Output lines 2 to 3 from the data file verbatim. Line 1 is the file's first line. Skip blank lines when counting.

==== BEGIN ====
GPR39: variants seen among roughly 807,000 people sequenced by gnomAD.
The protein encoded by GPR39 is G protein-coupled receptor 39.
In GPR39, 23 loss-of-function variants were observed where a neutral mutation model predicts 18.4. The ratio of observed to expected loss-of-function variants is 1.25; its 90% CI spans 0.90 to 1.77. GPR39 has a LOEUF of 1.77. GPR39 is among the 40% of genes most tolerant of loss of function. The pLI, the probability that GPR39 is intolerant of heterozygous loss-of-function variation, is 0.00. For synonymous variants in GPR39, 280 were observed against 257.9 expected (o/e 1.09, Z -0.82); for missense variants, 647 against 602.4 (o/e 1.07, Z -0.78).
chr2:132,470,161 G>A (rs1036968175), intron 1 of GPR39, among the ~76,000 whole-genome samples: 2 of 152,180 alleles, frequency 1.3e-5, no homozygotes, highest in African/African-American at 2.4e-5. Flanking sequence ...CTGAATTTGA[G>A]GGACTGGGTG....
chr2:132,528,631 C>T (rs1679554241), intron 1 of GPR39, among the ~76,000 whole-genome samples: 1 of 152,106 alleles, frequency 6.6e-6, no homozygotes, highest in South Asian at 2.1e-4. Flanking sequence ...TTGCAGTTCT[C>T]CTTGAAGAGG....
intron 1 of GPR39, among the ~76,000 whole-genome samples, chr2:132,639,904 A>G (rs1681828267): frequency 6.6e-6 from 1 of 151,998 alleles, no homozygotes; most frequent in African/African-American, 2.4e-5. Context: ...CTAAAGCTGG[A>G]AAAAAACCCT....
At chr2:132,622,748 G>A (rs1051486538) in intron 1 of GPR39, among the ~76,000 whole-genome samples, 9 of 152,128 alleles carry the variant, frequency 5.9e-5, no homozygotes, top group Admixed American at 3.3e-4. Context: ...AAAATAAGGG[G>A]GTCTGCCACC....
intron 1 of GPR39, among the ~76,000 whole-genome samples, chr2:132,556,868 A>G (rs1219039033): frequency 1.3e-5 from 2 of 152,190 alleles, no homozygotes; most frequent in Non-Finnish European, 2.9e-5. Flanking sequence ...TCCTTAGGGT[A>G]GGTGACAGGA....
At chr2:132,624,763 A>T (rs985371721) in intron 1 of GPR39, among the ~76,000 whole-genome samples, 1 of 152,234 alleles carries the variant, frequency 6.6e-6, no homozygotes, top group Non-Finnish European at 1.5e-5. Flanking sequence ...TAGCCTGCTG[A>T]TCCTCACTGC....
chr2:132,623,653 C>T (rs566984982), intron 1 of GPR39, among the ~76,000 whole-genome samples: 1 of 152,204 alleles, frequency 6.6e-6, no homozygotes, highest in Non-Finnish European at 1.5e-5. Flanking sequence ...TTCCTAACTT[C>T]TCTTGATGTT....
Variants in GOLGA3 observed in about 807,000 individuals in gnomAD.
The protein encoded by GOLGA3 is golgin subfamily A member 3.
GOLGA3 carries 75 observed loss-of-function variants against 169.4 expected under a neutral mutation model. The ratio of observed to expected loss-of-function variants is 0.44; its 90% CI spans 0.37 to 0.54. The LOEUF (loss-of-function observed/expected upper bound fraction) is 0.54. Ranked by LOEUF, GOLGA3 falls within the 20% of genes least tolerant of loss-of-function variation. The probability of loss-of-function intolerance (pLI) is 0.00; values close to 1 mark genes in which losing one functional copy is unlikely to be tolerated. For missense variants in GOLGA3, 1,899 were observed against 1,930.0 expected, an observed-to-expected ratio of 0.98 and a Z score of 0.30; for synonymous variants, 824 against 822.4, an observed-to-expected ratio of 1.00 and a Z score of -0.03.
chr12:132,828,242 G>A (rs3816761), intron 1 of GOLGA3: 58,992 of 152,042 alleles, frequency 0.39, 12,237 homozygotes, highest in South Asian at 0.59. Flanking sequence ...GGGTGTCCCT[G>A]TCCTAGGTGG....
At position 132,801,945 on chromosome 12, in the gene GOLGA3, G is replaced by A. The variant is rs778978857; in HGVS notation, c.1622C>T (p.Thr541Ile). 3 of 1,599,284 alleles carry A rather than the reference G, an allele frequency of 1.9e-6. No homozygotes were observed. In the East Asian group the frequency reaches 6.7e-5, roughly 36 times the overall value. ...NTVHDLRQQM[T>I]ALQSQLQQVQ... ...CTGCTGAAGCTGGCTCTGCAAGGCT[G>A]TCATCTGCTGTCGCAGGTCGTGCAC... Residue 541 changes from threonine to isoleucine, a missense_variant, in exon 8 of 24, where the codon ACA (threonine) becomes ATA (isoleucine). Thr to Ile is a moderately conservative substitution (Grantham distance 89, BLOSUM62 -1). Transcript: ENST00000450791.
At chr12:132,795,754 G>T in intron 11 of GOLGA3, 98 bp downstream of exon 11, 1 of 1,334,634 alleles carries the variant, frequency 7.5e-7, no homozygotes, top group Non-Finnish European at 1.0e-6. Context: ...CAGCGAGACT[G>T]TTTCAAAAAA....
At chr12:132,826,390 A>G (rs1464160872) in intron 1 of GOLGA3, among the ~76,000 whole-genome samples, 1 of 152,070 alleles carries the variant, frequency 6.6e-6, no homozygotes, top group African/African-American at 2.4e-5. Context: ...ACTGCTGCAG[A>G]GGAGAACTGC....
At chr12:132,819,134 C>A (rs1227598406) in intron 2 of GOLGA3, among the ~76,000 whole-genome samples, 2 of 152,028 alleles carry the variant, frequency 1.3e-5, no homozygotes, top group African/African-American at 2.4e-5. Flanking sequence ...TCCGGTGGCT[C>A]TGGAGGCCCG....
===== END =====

The protein encoded by GPR39 is G protein-coupled receptor 39.
In GPR39, 23 loss-of-function variants were observed where a neutral mutation model predicts 18.4. The ratio of observed to expected loss-of-function variants is 1.25; its 90% CI spans 0.90 to 1.77. GPR39 has a LOEUF of 1.77. GPR39 is among the 40% of genes most tolerant of loss of function. The pLI, the probability that GPR39 is intolerant of heterozygous loss-of-function variation, is 0.00. For synonymous variants in GPR39, 280 were observed against 257.9 expected (o/e 1.09, Z -0.82); for missense variants, 647 against 602.4 (o/e 1.07, Z -0.78).